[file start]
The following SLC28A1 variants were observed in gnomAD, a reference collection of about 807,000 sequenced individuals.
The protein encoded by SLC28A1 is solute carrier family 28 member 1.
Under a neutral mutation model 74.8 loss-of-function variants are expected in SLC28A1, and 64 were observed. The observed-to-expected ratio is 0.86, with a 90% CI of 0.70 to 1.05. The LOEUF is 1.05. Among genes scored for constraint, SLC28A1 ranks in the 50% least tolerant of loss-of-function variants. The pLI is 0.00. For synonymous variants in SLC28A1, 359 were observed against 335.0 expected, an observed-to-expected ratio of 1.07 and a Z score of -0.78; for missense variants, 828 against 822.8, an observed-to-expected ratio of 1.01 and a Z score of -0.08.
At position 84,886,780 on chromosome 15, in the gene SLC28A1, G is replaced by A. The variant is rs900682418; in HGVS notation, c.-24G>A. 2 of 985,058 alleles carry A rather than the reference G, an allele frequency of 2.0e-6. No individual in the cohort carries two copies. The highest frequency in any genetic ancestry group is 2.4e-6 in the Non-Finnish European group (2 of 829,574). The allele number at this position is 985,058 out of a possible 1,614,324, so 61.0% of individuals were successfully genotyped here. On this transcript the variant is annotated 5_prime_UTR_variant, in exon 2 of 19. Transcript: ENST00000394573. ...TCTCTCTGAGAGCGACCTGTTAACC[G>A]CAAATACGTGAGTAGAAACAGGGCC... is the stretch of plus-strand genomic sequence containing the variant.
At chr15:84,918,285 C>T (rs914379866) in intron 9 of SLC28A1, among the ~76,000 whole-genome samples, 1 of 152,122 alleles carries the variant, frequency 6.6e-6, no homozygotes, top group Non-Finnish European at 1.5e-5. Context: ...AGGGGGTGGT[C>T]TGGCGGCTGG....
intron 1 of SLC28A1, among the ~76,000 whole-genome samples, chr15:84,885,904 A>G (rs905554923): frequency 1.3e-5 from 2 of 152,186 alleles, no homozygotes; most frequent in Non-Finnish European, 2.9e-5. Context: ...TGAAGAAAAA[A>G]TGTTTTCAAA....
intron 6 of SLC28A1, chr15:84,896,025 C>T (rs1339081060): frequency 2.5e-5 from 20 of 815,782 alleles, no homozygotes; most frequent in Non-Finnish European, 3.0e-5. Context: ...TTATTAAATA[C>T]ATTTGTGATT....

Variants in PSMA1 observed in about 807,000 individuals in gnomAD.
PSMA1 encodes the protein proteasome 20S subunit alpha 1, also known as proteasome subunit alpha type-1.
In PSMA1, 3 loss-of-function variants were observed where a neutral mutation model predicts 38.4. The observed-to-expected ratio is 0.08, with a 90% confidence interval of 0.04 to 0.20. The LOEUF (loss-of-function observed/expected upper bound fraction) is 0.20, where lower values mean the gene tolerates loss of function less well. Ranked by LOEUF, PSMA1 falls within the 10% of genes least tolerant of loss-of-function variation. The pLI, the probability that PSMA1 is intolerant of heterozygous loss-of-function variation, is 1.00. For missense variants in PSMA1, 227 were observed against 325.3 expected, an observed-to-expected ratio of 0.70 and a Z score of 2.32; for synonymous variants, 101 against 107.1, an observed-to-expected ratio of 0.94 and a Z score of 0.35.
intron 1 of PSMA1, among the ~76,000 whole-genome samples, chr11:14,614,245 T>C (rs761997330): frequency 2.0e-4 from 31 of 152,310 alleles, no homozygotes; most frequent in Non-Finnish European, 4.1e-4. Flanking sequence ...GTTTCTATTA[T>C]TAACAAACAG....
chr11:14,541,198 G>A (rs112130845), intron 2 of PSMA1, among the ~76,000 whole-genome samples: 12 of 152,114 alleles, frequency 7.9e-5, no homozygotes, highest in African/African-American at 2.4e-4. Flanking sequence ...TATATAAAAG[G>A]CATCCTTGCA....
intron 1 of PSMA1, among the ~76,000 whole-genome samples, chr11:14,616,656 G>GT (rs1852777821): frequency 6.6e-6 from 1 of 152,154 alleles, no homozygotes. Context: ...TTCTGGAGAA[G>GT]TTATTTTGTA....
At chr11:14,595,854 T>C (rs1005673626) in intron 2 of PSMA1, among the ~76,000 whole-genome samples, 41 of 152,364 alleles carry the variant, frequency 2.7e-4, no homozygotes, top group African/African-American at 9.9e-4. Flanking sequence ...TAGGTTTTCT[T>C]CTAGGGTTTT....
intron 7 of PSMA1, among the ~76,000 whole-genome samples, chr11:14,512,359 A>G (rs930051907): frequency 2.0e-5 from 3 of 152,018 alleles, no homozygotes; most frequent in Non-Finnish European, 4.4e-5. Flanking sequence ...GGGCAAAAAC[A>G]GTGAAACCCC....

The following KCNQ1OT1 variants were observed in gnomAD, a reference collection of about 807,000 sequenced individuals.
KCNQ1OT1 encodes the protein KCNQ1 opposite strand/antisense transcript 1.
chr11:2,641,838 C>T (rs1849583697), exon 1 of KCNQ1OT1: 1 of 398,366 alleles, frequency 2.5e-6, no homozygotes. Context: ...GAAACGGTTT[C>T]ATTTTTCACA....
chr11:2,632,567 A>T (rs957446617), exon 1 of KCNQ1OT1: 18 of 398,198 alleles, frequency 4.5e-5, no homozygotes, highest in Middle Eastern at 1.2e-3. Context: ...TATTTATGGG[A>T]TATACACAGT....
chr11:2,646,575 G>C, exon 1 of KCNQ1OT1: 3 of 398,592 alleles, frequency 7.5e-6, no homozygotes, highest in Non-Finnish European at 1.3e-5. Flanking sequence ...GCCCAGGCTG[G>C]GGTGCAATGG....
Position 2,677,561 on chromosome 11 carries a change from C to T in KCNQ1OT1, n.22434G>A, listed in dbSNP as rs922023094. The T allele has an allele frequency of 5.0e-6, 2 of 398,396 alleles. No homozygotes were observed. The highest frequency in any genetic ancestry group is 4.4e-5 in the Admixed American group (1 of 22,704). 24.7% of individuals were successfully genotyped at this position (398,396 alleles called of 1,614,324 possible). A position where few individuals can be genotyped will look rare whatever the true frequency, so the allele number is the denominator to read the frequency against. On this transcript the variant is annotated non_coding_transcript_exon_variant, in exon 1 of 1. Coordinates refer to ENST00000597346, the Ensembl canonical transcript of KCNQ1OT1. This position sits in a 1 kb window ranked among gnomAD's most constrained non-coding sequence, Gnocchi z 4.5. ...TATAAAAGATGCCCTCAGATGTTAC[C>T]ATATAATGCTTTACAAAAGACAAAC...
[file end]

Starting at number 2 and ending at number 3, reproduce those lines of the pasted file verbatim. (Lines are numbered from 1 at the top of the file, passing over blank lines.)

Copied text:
The protein encoded by SLC28A1 is solute carrier family 28 member 1.
Under a neutral mutation model 74.8 loss-of-function variants are expected in SLC28A1, and 64 were observed. The observed-to-expected ratio is 0.86, with a 90% CI of 0.70 to 1.05. The LOEUF is 1.05. Among genes scored for constraint, SLC28A1 ranks in the 50% least tolerant of loss-of-function variants. The pLI is 0.00. For synonymous variants in SLC28A1, 359 were observed against 335.0 expected, an observed-to-expected ratio of 1.07 and a Z score of -0.78; for missense variants, 828 against 822.8, an observed-to-expected ratio of 1.01 and a Z score of -0.08.